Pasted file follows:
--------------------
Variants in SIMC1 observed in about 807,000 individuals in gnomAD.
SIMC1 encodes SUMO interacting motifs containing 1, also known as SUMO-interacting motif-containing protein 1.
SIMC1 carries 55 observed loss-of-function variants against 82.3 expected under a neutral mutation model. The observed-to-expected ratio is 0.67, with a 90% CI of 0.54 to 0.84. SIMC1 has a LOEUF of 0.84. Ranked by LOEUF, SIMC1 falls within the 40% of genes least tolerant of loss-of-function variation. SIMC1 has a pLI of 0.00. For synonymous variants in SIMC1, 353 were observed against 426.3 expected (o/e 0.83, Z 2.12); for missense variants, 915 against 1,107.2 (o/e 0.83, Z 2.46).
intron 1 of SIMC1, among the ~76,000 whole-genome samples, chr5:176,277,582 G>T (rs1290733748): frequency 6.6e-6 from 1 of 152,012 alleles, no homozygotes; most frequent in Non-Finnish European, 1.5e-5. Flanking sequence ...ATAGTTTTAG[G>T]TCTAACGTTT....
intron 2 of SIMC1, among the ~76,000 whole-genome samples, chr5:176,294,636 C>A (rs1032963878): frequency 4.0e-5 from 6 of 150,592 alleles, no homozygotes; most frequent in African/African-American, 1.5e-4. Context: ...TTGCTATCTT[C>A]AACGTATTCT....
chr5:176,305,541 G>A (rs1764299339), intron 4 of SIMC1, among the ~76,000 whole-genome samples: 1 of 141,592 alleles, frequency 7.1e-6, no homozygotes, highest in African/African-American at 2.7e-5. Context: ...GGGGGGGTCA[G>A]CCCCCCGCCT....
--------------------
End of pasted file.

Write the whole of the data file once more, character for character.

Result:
Variants in SIMC1 observed in about 807,000 individuals in gnomAD.
SIMC1 encodes SUMO interacting motifs containing 1, also known as SUMO-interacting motif-containing protein 1.
SIMC1 carries 55 observed loss-of-function variants against 82.3 expected under a neutral mutation model. The observed-to-expected ratio is 0.67, with a 90% CI of 0.54 to 0.84. SIMC1 has a LOEUF of 0.84. Ranked by LOEUF, SIMC1 falls within the 40% of genes least tolerant of loss-of-function variation. SIMC1 has a pLI of 0.00. For synonymous variants in SIMC1, 353 were observed against 426.3 expected (o/e 0.83, Z 2.12); for missense variants, 915 against 1,107.2 (o/e 0.83, Z 2.46).
intron 1 of SIMC1, among the ~76,000 whole-genome samples, chr5:176,277,582 G>T (rs1290733748): frequency 6.6e-6 from 1 of 152,012 alleles, no homozygotes; most frequent in Non-Finnish European, 1.5e-5. Flanking sequence ...ATAGTTTTAG[G>T]TCTAACGTTT....
intron 2 of SIMC1, among the ~76,000 whole-genome samples, chr5:176,294,636 C>A (rs1032963878): frequency 4.0e-5 from 6 of 150,592 alleles, no homozygotes; most frequent in African/African-American, 1.5e-4. Context: ...TTGCTATCTT[C>A]AACGTATTCT....
chr5:176,305,541 G>A (rs1764299339), intron 4 of SIMC1, among the ~76,000 whole-genome samples: 1 of 141,592 alleles, frequency 7.1e-6, no homozygotes, highest in African/African-American at 2.7e-5. Context: ...GGGGGGGTCA[G>A]CCCCCCGCCT....